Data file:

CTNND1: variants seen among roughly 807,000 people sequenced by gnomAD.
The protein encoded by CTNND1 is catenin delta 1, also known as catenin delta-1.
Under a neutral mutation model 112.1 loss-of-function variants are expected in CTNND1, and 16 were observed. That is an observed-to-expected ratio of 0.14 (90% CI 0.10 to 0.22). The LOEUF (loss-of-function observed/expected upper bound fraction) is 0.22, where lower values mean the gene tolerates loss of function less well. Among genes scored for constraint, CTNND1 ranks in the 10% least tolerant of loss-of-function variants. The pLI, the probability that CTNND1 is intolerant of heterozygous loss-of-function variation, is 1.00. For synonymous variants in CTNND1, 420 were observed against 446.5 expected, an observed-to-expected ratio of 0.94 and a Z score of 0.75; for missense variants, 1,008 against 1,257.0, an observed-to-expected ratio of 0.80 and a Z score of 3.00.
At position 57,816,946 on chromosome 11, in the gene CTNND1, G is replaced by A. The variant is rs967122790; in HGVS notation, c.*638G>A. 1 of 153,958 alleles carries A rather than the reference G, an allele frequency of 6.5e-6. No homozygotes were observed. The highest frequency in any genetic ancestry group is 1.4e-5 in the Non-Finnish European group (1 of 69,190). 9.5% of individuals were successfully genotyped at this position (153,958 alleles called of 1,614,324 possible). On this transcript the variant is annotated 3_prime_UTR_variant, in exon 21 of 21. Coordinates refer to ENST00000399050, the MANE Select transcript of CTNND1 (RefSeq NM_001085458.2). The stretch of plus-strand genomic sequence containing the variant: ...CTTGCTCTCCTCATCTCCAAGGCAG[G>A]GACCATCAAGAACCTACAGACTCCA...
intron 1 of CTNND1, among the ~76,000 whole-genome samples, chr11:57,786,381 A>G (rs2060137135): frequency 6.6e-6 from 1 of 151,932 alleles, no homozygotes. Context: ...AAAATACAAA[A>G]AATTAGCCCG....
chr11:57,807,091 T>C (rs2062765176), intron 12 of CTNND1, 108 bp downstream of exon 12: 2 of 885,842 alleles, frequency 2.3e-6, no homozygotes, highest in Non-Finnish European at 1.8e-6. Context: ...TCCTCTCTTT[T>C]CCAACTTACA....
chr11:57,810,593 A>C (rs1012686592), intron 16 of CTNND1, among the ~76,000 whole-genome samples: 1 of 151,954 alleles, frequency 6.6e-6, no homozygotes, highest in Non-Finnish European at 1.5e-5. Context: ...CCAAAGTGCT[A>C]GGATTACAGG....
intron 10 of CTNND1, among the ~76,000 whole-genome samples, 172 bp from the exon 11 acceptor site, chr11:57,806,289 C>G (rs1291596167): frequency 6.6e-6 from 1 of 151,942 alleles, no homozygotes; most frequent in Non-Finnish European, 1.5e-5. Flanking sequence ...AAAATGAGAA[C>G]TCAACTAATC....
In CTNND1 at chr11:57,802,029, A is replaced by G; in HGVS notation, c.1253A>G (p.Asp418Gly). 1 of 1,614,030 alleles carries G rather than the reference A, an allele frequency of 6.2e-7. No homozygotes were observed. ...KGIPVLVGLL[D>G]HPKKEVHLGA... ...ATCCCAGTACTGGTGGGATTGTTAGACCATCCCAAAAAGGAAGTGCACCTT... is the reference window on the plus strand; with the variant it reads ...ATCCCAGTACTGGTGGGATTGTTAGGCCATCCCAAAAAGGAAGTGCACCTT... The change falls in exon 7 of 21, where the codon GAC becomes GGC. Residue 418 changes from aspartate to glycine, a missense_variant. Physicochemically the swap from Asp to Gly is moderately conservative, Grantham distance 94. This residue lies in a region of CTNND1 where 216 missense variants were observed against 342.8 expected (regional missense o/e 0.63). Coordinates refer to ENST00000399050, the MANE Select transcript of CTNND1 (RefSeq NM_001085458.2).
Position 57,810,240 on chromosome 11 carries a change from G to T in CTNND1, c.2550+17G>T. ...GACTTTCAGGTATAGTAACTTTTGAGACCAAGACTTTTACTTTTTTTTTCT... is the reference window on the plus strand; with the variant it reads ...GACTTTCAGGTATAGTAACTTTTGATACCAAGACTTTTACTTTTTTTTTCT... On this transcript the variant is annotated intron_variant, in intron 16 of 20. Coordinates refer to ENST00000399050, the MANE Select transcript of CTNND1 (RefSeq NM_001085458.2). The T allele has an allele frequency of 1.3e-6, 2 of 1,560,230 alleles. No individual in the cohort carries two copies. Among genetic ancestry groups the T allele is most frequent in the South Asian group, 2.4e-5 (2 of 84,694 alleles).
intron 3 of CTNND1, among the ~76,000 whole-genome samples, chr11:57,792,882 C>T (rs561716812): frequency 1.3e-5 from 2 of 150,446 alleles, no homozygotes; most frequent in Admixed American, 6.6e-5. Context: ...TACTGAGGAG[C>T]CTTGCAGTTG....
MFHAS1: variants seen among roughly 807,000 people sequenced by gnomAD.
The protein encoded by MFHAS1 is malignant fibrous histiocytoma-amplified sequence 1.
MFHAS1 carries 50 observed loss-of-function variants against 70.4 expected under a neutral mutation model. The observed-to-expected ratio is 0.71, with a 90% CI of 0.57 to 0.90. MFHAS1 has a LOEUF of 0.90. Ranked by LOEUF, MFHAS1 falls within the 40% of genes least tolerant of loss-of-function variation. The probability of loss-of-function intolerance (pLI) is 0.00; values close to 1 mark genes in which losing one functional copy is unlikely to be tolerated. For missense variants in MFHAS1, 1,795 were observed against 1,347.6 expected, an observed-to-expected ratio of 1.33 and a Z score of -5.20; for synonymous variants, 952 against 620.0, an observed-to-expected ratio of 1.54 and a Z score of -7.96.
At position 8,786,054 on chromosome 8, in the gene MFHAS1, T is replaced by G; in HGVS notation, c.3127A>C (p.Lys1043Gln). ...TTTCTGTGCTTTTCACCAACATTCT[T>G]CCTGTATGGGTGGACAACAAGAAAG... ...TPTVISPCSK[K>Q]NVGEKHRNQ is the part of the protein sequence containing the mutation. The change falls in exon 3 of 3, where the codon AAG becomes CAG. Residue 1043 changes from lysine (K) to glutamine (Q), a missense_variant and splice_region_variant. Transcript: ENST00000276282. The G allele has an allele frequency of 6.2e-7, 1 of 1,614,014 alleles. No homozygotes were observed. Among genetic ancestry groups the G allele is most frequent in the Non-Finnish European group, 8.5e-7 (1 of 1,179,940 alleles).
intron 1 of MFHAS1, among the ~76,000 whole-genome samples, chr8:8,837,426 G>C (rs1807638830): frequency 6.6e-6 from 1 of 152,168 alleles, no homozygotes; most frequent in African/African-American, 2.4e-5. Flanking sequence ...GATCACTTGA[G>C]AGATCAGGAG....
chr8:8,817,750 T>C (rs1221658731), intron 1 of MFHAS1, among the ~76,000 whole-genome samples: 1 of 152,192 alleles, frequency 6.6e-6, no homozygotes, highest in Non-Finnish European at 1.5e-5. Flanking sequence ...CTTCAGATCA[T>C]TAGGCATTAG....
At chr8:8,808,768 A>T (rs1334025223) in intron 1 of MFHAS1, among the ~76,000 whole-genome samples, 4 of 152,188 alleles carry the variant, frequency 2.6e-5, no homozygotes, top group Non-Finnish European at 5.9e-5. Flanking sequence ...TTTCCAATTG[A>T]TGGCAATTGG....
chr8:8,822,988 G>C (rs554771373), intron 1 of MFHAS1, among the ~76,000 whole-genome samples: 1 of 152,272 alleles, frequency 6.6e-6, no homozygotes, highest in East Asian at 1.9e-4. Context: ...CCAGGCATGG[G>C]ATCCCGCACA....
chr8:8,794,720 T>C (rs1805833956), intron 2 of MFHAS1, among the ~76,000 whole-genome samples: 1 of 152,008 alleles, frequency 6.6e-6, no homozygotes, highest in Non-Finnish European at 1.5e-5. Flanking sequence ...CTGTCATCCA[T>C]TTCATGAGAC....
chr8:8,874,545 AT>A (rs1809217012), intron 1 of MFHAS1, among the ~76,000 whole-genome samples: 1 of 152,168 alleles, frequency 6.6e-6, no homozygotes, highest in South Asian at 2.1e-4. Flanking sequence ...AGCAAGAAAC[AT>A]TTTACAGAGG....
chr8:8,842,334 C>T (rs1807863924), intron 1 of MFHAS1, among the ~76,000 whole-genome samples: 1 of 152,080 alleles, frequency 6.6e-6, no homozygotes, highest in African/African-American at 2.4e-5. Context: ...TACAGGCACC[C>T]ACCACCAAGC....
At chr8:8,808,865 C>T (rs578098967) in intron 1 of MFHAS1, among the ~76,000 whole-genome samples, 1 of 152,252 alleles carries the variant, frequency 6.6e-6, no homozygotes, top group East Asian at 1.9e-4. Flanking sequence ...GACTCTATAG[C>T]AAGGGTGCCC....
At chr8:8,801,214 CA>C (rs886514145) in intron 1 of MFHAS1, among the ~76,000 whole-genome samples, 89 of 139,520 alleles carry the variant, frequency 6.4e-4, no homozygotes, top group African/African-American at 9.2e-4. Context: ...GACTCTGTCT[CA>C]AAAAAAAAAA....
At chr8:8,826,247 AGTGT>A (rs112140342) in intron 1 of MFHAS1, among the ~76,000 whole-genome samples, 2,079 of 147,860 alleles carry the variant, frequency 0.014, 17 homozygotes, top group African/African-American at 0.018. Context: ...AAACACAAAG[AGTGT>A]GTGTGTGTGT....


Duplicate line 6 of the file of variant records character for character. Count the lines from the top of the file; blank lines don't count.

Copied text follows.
chr11:57,807,091 T>C (rs2062765176), intron 12 of CTNND1, 108 bp downstream of exon 12: 2 of 885,842 alleles, frequency 2.3e-6, no homozygotes, highest in Non-Finnish European at 1.8e-6. Context: ...TCCTCTCTTT[T>C]CCAACTTACA....